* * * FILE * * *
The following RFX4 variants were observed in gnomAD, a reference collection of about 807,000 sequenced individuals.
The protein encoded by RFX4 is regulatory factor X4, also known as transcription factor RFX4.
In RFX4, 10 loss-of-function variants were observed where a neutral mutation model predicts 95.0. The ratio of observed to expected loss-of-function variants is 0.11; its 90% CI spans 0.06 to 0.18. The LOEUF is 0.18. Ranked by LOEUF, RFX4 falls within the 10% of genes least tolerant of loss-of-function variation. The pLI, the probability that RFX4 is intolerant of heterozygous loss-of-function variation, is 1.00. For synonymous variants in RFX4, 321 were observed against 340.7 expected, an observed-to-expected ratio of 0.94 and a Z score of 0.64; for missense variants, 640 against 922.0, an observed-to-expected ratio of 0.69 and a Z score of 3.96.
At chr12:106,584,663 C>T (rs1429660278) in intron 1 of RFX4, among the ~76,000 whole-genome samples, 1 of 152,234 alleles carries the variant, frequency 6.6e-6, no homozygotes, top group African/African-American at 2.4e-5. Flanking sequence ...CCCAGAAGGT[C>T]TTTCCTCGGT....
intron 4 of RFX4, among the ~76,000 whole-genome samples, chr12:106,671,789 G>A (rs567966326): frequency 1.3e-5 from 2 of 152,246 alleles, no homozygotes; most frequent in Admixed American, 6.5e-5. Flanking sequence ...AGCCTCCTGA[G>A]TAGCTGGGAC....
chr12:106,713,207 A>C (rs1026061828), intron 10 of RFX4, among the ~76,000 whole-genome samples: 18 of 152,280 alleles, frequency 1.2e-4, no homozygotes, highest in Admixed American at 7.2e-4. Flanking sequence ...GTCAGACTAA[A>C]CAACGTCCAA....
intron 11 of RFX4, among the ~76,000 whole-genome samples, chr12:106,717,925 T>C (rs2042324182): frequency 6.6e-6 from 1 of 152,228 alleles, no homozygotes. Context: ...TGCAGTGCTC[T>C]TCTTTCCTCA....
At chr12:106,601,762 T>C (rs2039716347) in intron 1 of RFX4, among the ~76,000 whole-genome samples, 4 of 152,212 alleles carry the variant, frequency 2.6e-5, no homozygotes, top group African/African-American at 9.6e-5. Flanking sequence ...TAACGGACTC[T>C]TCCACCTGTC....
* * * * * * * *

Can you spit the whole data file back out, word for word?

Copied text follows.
The following RFX4 variants were observed in gnomAD, a reference collection of about 807,000 sequenced individuals.
The protein encoded by RFX4 is regulatory factor X4, also known as transcription factor RFX4.
In RFX4, 10 loss-of-function variants were observed where a neutral mutation model predicts 95.0. The ratio of observed to expected loss-of-function variants is 0.11; its 90% CI spans 0.06 to 0.18. The LOEUF is 0.18. Ranked by LOEUF, RFX4 falls within the 10% of genes least tolerant of loss-of-function variation. The pLI, the probability that RFX4 is intolerant of heterozygous loss-of-function variation, is 1.00. For synonymous variants in RFX4, 321 were observed against 340.7 expected, an observed-to-expected ratio of 0.94 and a Z score of 0.64; for missense variants, 640 against 922.0, an observed-to-expected ratio of 0.69 and a Z score of 3.96.
At chr12:106,584,663 C>T (rs1429660278) in intron 1 of RFX4, among the ~76,000 whole-genome samples, 1 of 152,234 alleles carries the variant, frequency 6.6e-6, no homozygotes, top group African/African-American at 2.4e-5. Flanking sequence ...CCCAGAAGGT[C>T]TTTCCTCGGT....
intron 4 of RFX4, among the ~76,000 whole-genome samples, chr12:106,671,789 G>A (rs567966326): frequency 1.3e-5 from 2 of 152,246 alleles, no homozygotes; most frequent in Admixed American, 6.5e-5. Flanking sequence ...AGCCTCCTGA[G>A]TAGCTGGGAC....
chr12:106,713,207 A>C (rs1026061828), intron 10 of RFX4, among the ~76,000 whole-genome samples: 18 of 152,280 alleles, frequency 1.2e-4, no homozygotes, highest in Admixed American at 7.2e-4. Flanking sequence ...GTCAGACTAA[A>C]CAACGTCCAA....
intron 11 of RFX4, among the ~76,000 whole-genome samples, chr12:106,717,925 T>C (rs2042324182): frequency 6.6e-6 from 1 of 152,228 alleles, no homozygotes. Context: ...TGCAGTGCTC[T>C]TCTTTCCTCA....
At chr12:106,601,762 T>C (rs2039716347) in intron 1 of RFX4, among the ~76,000 whole-genome samples, 4 of 152,212 alleles carry the variant, frequency 2.6e-5, no homozygotes, top group African/African-American at 9.6e-5. Flanking sequence ...TAACGGACTC[T>C]TCCACCTGTC....